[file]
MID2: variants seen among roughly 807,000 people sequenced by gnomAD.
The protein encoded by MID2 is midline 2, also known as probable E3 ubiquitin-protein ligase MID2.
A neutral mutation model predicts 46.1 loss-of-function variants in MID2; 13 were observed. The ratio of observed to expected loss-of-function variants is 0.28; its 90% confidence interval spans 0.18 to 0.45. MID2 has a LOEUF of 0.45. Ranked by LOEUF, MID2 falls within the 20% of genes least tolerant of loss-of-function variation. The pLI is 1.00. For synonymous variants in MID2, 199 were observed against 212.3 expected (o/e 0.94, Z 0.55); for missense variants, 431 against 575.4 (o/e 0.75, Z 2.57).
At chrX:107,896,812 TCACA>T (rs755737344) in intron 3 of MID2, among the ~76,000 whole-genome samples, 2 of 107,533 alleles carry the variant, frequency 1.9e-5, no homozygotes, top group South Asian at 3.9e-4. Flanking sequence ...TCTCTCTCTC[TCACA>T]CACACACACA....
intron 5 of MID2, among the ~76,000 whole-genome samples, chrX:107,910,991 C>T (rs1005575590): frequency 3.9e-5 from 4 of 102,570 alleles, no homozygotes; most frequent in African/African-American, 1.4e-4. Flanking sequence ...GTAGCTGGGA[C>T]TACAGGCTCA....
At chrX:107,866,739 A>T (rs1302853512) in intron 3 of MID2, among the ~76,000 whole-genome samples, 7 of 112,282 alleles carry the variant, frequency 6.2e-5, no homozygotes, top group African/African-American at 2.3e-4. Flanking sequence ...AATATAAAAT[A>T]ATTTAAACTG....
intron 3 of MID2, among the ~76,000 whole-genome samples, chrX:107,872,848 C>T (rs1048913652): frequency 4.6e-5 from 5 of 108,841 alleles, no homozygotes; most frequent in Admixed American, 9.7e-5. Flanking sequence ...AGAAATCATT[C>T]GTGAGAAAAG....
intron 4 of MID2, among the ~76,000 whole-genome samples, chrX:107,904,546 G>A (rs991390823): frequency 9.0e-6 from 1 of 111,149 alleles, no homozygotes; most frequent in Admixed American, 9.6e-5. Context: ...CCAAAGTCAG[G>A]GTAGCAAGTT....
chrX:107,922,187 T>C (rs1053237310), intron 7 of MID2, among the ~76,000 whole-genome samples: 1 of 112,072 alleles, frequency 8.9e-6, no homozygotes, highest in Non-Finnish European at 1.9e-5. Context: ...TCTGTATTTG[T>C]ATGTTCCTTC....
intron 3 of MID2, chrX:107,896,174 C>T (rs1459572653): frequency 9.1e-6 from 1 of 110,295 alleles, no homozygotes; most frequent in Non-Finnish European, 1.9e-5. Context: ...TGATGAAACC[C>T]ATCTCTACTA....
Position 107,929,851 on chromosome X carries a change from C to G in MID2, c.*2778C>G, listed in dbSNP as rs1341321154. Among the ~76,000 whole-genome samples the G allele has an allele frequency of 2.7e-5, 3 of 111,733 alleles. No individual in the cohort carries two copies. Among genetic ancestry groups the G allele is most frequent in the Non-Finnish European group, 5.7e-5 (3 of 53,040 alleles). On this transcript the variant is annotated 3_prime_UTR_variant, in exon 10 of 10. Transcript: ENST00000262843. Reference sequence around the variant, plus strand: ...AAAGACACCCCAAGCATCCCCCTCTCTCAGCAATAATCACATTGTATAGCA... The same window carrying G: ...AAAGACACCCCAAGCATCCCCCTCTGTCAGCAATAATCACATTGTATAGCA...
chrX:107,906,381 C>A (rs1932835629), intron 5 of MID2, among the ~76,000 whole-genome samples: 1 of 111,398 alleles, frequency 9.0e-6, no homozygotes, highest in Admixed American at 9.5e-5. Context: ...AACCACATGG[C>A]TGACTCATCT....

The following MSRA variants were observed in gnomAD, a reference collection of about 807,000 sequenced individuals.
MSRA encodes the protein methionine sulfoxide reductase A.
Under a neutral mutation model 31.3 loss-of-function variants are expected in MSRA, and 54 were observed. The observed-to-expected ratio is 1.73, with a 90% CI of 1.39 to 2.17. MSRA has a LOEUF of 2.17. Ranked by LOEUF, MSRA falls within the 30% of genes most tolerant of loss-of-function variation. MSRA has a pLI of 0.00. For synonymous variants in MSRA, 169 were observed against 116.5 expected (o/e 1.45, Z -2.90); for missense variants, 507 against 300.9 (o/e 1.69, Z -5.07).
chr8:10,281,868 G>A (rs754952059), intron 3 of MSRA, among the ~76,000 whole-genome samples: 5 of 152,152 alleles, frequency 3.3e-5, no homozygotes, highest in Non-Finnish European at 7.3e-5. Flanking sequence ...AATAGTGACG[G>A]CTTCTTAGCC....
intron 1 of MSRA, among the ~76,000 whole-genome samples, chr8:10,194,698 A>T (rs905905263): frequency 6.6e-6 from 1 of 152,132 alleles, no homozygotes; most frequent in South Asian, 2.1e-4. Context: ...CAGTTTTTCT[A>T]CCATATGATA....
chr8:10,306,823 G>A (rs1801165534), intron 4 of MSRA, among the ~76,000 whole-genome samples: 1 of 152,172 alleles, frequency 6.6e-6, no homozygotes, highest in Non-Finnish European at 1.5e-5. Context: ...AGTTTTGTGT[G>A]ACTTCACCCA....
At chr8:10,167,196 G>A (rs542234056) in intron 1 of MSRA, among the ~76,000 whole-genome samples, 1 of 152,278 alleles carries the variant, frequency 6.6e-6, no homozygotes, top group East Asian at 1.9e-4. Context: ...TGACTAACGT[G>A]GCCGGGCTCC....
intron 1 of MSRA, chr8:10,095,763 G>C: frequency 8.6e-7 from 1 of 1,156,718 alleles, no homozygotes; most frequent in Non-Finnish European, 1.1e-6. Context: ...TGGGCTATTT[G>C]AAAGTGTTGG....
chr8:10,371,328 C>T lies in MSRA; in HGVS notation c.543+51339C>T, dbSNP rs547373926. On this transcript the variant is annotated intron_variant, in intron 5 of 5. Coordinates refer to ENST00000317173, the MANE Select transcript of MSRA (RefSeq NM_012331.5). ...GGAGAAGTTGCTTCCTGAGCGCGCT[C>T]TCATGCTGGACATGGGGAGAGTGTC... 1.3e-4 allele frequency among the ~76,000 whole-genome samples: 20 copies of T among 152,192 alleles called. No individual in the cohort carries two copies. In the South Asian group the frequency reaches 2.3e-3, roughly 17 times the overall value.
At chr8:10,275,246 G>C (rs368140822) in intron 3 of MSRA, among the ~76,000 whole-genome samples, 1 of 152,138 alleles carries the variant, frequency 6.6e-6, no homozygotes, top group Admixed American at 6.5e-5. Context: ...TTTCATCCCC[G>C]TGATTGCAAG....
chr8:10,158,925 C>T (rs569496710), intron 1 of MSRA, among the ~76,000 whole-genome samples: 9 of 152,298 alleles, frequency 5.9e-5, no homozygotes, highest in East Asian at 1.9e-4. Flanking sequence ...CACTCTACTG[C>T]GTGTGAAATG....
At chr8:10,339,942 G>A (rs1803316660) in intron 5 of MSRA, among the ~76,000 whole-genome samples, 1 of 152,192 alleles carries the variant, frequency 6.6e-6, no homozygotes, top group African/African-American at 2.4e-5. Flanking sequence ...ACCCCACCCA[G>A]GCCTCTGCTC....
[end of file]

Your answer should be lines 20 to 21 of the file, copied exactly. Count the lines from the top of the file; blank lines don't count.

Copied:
intron 1 of MSRA, chr8:10,095,763 G>C: frequency 8.6e-7 from 1 of 1,156,718 alleles, no homozygotes; most frequent in Non-Finnish European, 1.1e-6. Context: ...TGGGCTATTT[G>C]AAAGTGTTGG....
chr8:10,371,328 C>T lies in MSRA; in HGVS notation c.543+51339C>T, dbSNP rs547373926. On this transcript the variant is annotated intron_variant, in intron 5 of 5. Coordinates refer to ENST00000317173, the MANE Select transcript of MSRA (RefSeq NM_012331.5). ...GGAGAAGTTGCTTCCTGAGCGCGCT[C>T]TCATGCTGGACATGGGGAGAGTGTC... 1.3e-4 allele frequency among the ~76,000 whole-genome samples: 20 copies of T among 152,192 alleles called. No individual in the cohort carries two copies. In the South Asian group the frequency reaches 2.3e-3, roughly 17 times the overall value.